Ok, so now it's 11 AM, and I've been out walking for 4 hours. I have another half of a sandwich, and turn around to go back home. I've got a pretty good mental picture of the places where I'd made turns at each of the intersections, so I'm confident I'm not going to get lost. However, after half a mile, I notice another street running parallel to the one I'm on, a block away and a bit closer to the coastal cliff line. I figure that I won't be going too far out of my way, so I finish the last of my sandwiches and take the new road, which runs right through the Yoshino golf course (they have a cross-over bridge for the golf carts to drive from one half of the course to the other over the main street, and warning signs along the road telling drivers to beware errant golf balls. After I got past the golf course, I reached Yoshino park. According to the map at the street entrance, it's a big park, but it had a ticket gate a ways back from the street, and I assumed they charge money to get inside. I'm tired now and unable to appreciate being in a park, so I keep walking. I finally got to a street I recognized, but a quarter-mile later I made a wrong turn at another intersection, which took me a quarter of a mile farther up the road from Yoshino city. The good thing about this is that I had been wondering what was up that road from Yoshino. The bad thing is that the answer is "clothing shops, cram schools and real estate agencies." No ramen shops, restaurants or convenience stores.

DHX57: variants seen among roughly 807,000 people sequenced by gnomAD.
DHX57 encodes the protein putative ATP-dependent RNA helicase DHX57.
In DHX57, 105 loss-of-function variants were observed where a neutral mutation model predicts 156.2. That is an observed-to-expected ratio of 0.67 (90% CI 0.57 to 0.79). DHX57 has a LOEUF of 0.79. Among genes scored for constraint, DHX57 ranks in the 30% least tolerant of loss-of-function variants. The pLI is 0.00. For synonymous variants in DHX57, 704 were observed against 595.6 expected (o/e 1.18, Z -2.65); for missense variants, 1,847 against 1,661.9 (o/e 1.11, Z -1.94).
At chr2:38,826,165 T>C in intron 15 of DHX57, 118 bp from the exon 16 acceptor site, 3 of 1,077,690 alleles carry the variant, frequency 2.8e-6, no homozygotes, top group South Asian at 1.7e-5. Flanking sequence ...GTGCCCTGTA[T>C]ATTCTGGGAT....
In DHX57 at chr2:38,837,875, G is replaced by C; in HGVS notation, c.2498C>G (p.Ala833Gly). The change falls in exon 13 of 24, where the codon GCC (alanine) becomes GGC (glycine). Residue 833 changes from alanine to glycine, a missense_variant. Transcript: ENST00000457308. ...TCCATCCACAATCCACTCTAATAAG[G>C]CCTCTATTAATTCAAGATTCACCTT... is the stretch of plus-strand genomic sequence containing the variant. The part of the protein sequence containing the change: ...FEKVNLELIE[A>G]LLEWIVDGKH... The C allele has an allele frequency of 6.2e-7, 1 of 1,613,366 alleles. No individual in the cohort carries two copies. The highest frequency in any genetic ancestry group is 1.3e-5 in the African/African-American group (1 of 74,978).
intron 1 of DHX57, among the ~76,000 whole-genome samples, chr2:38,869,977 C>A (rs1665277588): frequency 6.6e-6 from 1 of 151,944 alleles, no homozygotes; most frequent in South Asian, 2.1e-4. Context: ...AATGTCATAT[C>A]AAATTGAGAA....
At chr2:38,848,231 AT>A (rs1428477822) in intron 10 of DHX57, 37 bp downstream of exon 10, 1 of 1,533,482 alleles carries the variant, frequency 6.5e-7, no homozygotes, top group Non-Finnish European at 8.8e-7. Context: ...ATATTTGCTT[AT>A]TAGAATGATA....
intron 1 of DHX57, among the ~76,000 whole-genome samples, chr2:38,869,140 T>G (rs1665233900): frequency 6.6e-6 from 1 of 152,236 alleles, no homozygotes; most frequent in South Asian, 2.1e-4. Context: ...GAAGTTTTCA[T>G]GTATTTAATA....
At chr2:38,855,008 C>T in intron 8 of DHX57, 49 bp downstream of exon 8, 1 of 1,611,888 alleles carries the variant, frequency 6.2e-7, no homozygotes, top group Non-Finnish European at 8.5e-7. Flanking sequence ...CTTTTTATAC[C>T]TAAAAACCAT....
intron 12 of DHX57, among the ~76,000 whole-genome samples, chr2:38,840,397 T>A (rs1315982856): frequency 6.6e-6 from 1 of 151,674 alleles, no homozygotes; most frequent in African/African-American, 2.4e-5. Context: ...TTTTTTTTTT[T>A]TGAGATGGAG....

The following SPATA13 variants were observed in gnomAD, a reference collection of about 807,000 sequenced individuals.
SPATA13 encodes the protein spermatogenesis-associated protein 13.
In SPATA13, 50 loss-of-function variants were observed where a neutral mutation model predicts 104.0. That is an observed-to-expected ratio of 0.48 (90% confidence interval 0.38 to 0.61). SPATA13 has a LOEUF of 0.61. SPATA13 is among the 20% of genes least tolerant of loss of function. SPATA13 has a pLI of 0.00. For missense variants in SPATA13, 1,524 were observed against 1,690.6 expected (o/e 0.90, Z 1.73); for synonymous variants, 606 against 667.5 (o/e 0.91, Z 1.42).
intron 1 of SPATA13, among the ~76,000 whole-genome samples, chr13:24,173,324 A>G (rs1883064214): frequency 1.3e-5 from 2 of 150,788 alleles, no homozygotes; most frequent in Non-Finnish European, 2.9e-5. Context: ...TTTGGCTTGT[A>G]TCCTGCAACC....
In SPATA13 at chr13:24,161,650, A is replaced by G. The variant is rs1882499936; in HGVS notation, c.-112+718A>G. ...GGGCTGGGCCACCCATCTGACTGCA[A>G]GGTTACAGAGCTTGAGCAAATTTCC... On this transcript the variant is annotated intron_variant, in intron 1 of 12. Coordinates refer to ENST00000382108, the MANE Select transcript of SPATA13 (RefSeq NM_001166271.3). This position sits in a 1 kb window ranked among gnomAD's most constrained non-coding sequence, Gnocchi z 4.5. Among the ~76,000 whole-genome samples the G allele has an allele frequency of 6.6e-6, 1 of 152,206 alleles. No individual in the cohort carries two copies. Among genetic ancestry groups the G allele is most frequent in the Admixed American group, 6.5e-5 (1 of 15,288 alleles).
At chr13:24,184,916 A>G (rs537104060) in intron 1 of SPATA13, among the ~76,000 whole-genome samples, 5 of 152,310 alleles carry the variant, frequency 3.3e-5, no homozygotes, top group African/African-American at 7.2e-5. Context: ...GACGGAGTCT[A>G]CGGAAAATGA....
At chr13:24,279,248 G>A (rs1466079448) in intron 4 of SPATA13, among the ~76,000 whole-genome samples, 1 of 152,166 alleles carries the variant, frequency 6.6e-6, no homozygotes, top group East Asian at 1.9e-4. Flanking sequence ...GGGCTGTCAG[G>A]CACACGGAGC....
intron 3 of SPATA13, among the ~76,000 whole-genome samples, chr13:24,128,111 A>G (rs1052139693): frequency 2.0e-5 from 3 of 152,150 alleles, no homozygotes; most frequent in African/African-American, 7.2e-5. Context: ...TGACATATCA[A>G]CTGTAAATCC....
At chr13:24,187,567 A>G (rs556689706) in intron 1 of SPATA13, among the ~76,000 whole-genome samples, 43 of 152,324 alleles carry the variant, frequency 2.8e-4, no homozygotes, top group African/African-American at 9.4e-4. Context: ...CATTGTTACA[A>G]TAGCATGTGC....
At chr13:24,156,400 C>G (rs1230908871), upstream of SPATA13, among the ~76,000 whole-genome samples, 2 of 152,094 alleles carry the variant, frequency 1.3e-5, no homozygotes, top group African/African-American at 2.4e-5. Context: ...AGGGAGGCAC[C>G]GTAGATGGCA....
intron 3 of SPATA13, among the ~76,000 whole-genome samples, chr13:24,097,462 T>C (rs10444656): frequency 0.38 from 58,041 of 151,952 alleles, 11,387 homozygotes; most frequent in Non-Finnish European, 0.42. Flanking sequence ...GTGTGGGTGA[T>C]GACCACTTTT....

I turned left to go south on this road, and after 15 minutes it brought me to the 215 turn off. I'm now on terra cognita, and close to a Lawson's konbini. I go inside to buy another sandwich (ham and cheese this time) and a bottle of blueberry yogurt drink. I finish off the yogurt drink in the parking lot, and aim for Kagoshima city. The trip is all downhill, which meant that I could walk it faster. Unfortunately, it also put a lot of stress on my knees and ankles because it's like I'm trying to go down a REALLY long flight of stairs.